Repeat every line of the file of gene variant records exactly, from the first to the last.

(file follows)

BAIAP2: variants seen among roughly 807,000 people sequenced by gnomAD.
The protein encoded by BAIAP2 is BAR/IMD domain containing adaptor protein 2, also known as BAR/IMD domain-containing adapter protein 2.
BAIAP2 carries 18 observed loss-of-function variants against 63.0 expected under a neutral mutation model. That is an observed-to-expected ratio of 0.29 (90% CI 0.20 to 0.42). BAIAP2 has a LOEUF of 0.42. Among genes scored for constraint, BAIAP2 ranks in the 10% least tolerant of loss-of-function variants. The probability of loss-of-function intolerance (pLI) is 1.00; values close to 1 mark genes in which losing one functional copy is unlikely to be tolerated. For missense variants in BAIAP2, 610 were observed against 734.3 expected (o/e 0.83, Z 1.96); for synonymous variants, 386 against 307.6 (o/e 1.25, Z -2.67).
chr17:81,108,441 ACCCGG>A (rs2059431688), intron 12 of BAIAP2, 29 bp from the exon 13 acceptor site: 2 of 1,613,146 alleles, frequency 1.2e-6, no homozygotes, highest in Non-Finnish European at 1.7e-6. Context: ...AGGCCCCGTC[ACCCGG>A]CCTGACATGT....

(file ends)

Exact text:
BAIAP2: variants seen among roughly 807,000 people sequenced by gnomAD.
The protein encoded by BAIAP2 is BAR/IMD domain containing adaptor protein 2, also known as BAR/IMD domain-containing adapter protein 2.
BAIAP2 carries 18 observed loss-of-function variants against 63.0 expected under a neutral mutation model. That is an observed-to-expected ratio of 0.29 (90% CI 0.20 to 0.42). BAIAP2 has a LOEUF of 0.42. Among genes scored for constraint, BAIAP2 ranks in the 10% least tolerant of loss-of-function variants. The probability of loss-of-function intolerance (pLI) is 1.00; values close to 1 mark genes in which losing one functional copy is unlikely to be tolerated. For missense variants in BAIAP2, 610 were observed against 734.3 expected (o/e 0.83, Z 1.96); for synonymous variants, 386 against 307.6 (o/e 1.25, Z -2.67).
chr17:81,108,441 ACCCGG>A (rs2059431688), intron 12 of BAIAP2, 29 bp from the exon 13 acceptor site: 2 of 1,613,146 alleles, frequency 1.2e-6, no homozygotes, highest in Non-Finnish European at 1.7e-6. Context: ...AGGCCCCGTC[ACCCGG>A]CCTGACATGT....